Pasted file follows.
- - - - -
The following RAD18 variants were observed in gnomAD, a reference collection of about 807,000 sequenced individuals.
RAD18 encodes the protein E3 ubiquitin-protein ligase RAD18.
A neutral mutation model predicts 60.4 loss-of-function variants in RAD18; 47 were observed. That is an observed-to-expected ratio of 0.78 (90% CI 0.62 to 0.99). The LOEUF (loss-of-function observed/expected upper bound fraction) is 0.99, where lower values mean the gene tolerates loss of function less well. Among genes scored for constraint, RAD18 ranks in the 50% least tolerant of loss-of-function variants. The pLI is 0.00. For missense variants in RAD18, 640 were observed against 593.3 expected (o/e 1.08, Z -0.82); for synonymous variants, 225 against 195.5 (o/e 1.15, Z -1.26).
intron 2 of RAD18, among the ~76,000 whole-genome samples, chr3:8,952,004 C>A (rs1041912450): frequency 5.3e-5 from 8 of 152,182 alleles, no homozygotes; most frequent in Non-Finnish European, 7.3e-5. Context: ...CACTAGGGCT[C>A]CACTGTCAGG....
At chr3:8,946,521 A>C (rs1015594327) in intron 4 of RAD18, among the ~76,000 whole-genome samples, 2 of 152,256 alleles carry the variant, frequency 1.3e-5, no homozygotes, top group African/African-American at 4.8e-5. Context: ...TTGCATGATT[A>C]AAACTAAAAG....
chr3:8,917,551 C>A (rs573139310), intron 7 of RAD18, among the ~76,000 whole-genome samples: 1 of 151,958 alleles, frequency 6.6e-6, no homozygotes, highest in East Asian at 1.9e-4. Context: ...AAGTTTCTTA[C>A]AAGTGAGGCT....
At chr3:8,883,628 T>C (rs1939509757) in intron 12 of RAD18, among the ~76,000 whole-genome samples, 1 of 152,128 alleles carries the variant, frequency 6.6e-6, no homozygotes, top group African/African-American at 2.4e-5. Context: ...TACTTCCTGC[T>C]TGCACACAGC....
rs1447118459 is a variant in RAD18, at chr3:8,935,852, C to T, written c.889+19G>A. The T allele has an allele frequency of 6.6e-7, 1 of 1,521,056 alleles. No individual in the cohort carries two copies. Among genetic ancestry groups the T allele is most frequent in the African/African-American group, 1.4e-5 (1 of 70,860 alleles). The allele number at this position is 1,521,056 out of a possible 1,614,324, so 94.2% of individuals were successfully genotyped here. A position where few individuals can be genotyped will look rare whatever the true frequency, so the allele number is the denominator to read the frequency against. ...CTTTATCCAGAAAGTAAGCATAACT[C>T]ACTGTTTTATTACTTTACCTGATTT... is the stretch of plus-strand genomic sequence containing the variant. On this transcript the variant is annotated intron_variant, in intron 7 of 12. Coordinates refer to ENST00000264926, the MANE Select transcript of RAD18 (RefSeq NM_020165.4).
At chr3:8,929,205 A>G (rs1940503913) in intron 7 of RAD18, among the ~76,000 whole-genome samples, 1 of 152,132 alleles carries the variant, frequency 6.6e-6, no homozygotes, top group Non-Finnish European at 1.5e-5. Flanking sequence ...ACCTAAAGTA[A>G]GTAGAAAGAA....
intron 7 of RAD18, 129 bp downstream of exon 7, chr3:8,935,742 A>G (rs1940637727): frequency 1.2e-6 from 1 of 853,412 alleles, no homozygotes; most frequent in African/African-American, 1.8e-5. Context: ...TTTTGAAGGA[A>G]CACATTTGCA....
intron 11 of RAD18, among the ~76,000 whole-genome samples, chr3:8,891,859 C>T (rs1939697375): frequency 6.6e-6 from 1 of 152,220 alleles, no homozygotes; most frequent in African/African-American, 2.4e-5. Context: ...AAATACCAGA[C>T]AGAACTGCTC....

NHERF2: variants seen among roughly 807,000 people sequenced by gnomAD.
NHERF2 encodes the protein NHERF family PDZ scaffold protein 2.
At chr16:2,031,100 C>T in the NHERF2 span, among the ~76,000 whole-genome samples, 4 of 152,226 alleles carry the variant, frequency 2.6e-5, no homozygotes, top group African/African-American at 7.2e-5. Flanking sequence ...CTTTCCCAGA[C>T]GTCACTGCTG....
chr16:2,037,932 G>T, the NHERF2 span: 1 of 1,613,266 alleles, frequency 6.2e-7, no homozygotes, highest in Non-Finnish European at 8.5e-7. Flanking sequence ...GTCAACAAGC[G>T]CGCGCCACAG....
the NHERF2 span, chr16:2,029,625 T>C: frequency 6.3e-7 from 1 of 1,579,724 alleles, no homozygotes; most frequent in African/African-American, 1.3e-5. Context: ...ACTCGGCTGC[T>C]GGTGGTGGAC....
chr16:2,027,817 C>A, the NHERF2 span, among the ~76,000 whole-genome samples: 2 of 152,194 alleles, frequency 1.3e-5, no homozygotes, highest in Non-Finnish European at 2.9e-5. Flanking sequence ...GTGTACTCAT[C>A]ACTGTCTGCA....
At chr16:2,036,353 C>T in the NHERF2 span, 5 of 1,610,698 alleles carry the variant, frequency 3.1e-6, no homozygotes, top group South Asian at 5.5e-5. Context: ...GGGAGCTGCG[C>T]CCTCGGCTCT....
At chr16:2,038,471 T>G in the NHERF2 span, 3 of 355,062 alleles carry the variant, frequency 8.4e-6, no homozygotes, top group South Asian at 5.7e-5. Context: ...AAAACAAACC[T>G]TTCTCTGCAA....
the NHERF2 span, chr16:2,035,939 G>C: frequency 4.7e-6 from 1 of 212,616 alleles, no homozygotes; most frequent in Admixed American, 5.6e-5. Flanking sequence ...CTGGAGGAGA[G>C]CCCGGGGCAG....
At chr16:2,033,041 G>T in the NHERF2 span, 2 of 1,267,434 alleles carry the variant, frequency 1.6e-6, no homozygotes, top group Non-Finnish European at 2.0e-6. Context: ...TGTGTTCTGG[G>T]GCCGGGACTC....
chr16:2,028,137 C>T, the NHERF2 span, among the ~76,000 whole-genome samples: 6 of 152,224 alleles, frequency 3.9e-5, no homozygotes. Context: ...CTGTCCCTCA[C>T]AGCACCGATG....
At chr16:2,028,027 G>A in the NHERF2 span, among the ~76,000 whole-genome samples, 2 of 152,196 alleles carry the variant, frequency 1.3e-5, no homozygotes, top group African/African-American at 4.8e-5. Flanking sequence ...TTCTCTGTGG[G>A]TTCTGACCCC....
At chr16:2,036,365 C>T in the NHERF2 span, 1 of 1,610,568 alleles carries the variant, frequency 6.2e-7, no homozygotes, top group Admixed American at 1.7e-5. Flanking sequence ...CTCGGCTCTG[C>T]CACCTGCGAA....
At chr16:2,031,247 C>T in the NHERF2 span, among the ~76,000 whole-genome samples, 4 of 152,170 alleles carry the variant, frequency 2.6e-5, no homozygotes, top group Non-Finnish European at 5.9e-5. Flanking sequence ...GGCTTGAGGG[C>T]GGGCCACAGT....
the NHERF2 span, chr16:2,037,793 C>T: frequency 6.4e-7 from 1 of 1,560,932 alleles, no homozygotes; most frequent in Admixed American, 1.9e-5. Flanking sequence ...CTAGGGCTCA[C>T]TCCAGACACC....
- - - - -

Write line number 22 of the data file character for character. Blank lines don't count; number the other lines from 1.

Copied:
chr16:2,028,137 C>T, the NHERF2 span, among the ~76,000 whole-genome samples: 6 of 152,224 alleles, frequency 3.9e-5, no homozygotes. Context: ...CTGTCCCTCA[C>T]AGCACCGATG....